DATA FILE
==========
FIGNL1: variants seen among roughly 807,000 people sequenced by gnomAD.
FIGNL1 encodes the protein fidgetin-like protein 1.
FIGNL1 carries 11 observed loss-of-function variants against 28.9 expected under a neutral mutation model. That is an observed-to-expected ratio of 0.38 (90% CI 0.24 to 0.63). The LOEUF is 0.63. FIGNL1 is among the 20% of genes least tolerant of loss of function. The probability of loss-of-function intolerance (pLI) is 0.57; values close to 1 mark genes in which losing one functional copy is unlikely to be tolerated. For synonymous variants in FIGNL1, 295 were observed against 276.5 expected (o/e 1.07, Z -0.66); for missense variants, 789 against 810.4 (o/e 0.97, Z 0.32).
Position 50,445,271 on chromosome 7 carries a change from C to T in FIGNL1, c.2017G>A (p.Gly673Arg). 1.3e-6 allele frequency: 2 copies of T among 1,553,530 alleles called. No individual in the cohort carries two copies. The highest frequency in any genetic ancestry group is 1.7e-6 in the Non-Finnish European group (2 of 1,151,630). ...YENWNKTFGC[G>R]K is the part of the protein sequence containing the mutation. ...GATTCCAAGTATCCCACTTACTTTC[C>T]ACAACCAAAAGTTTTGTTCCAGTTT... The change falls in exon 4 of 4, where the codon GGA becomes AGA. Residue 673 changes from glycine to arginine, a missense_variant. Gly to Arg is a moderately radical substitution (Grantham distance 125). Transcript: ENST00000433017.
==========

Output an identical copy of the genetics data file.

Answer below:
FIGNL1: variants seen among roughly 807,000 people sequenced by gnomAD.
FIGNL1 encodes the protein fidgetin-like protein 1.
FIGNL1 carries 11 observed loss-of-function variants against 28.9 expected under a neutral mutation model. That is an observed-to-expected ratio of 0.38 (90% CI 0.24 to 0.63). The LOEUF is 0.63. FIGNL1 is among the 20% of genes least tolerant of loss of function. The probability of loss-of-function intolerance (pLI) is 0.57; values close to 1 mark genes in which losing one functional copy is unlikely to be tolerated. For synonymous variants in FIGNL1, 295 were observed against 276.5 expected (o/e 1.07, Z -0.66); for missense variants, 789 against 810.4 (o/e 0.97, Z 0.32).
Position 50,445,271 on chromosome 7 carries a change from C to T in FIGNL1, c.2017G>A (p.Gly673Arg). 1.3e-6 allele frequency: 2 copies of T among 1,553,530 alleles called. No individual in the cohort carries two copies. The highest frequency in any genetic ancestry group is 1.7e-6 in the Non-Finnish European group (2 of 1,151,630). ...YENWNKTFGC[G>R]K is the part of the protein sequence containing the mutation. ...GATTCCAAGTATCCCACTTACTTTC[C>T]ACAACCAAAAGTTTTGTTCCAGTTT... The change falls in exon 4 of 4, where the codon GGA becomes AGA. Residue 673 changes from glycine to arginine, a missense_variant. Gly to Arg is a moderately radical substitution (Grantham distance 125). Transcript: ENST00000433017.